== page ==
Modelling malaria risk in East Africa at high-spatial resolution

University of Oxford, Oxford, England, United Kingdom
Tropical Medicine & International Health (Impact Factor: 2.33). 06/2005; 10(6):557-66. DOI: 10.1111/j.1365-3156.2005.01424.x
Source: PubMed


Malaria risk maps have re-emerged as an important tool for appropriately targeting the limited resources available for malaria control. In Sub-Saharan Africa empirically derived maps using standardized criteria are few and this paper considers the development of a model of malaria risk for East Africa.
Statistical techniques were applied to high spatial resolution remotely sensed, human settlement and land-use data to predict the intensity of malaria transmission as defined according to the childhood parasite ratio (PR) in East Africa. Discriminant analysis was used to train environmental and human settlement predictor variables to distinguish between four classes of PR risk shown to relate to disease outcomes in the region.
Independent empirical estimates of the PR were identified from Kenya, Tanzania and Uganda (n = 330). Surrogate markers of climate recorded on-board earth orbiting satellites, population settlement, elevation and water bodies all contributed significantly to the predictive models of malaria transmission intensity in the sub-region. The accuracy of the model was increased by stratifying East Africa into two ecological zones. In addition, the inclusion of urbanization as a predictor of malaria prevalence, whilst reducing formal accuracy statistics, nevertheless improved the consistency of the predictive map with expert opinion malaria maps. The overall accuracy achieved with ecological zone and urban stratification was 62% with surrogates of precipitation and temperature being among the most discriminating predictors of the PR.
It is possible to achieve a high degree of predictive accuracy for Plasmodium falciparum parasite prevalence in East Africa using high-spatial resolution environmental data. However, discrepancies were evident from mapped outputs from the models which were largely due to poor coverage of malaria training data and the comparable spatial resolution of predictor data. These deficiencies will only be addressed by more random, intensive small areas studies of empirical estimates of PR.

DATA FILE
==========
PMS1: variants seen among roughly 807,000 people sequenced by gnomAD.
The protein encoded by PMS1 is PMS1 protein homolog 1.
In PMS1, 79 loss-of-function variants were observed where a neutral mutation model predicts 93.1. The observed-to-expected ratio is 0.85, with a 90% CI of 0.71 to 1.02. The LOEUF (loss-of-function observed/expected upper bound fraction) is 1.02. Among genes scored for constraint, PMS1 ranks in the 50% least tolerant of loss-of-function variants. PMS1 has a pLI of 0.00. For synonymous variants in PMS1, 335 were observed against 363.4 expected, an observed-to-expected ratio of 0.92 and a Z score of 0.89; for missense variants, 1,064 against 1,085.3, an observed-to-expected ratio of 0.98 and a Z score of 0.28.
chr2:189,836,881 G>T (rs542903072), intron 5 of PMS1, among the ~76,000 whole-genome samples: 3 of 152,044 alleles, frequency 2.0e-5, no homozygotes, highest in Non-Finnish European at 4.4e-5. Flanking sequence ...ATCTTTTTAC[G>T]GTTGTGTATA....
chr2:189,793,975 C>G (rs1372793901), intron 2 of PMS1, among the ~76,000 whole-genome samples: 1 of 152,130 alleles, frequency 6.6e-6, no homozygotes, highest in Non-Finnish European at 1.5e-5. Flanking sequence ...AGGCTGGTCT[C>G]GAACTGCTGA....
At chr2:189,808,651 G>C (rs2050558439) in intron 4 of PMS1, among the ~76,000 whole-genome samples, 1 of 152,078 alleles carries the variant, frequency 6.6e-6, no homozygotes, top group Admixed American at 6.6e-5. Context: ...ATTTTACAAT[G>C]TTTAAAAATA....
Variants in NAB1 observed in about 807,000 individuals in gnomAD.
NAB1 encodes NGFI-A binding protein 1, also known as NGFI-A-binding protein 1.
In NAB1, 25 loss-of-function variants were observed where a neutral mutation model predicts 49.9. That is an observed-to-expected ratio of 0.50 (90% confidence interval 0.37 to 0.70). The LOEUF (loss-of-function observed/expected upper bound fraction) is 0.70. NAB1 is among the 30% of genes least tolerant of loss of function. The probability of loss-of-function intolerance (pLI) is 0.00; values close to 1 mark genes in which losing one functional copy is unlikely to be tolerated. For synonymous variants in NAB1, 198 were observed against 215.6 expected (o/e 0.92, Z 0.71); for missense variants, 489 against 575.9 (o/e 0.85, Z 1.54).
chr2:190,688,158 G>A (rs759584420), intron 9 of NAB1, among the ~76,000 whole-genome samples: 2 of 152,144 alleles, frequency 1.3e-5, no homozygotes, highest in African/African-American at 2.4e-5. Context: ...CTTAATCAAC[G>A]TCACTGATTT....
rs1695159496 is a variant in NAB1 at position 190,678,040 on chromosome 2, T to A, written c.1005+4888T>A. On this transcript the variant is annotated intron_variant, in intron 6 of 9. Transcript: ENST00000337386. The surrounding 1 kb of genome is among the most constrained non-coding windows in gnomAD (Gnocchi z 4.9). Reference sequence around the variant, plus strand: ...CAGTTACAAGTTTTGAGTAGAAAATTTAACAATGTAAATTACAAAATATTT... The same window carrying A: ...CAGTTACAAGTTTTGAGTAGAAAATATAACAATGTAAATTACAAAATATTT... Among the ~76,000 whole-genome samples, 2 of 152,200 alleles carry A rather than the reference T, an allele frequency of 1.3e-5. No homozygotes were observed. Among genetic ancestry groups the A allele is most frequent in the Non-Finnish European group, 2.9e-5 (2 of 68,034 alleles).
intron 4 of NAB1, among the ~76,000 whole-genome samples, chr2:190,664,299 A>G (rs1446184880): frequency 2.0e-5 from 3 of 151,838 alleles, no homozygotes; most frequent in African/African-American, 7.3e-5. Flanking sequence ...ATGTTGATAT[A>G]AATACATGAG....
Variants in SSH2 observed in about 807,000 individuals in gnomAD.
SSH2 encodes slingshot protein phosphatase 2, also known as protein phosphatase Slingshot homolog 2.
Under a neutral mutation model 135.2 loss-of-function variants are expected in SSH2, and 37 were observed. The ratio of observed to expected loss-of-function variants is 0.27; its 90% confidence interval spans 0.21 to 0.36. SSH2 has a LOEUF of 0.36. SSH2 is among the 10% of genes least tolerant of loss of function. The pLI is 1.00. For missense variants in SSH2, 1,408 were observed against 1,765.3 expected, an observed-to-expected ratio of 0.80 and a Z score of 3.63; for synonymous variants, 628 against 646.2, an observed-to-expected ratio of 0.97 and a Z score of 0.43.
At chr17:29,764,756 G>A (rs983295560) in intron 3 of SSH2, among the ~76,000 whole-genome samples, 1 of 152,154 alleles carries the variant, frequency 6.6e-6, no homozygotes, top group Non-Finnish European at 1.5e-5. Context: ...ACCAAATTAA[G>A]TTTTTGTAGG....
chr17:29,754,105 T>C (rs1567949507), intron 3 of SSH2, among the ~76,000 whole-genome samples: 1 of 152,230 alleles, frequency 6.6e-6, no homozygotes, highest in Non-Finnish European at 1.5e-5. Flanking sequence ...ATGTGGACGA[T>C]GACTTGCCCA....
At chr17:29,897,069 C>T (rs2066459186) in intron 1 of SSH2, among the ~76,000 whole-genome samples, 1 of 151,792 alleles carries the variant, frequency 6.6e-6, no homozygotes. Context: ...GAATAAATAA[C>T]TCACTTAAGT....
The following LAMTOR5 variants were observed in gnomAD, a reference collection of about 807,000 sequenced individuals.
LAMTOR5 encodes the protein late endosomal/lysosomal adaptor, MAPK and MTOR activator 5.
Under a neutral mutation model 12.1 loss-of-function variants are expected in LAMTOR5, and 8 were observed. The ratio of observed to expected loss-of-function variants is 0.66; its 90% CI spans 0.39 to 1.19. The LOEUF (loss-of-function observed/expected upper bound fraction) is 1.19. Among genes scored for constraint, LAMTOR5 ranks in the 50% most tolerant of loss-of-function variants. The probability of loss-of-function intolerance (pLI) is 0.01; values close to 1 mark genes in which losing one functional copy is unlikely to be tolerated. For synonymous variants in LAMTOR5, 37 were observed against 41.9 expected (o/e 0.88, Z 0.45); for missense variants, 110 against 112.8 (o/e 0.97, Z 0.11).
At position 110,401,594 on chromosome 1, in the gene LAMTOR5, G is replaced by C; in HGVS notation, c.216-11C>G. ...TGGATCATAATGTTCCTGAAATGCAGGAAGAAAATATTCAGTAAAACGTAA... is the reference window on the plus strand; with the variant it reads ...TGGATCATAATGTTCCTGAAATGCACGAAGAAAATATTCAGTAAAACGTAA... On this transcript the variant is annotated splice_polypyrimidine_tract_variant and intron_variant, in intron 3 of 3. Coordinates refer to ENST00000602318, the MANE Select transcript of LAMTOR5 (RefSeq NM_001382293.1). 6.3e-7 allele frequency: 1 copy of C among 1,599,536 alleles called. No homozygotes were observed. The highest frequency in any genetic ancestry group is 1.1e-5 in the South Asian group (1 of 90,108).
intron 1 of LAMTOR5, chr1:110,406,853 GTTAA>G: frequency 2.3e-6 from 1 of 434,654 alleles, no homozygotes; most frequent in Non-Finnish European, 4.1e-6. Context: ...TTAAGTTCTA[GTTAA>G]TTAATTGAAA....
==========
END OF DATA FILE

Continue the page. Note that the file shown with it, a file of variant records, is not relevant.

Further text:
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    • "l models that link satellite-derived multi-temporal meteorological data and EOs with vector biology and abundance (Kalluri et al., 2007). Very few studies using LULC in mapping of malaria prevalence from survey data exist, butStefani et al. (2013)have produced a review of studies characterising LULC features and their roles in malaria transmission.Omumbo et al. (2005)used LULC to map malaria risk in East Africa based on the Africover project ( The latter was produced by visual interpretation of Landsat digital ETM+ satellite imagery, and the authors defined two ecological zones using the classes water body and urban/rural area type representing the percentage area of each pi"
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    • "Faso (Baragatti et al. 2009). Omumbo et al. (2005) identified urbanization as a predictor of malaria prevalence . Moffett et al. (2007) identified the growing population density as major factor in determining the malaria risk in Africa. "
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    • "Thus, next to environmental (including climatic) factors that influence the spatial distribution of malaria, it is important to also take into consideration the range of socioeconomic, demographic, political, and behavioral factors that impact people’s susceptibility and (lack of) resilience to the disease [17-19]. Several papers have been published on factors that influence the spread and spatial distribution of the disease [21,24], including eastern Africa [25], and there are a few papers assessing malaria risk, that, besides environmental factors, also integrate socioeconomic and demographic factors [9,26-29]. To date, however, only few studies have been published on vulnerability to vector-borne diseases [17,18,30-32], and malaria in particular [9]. "
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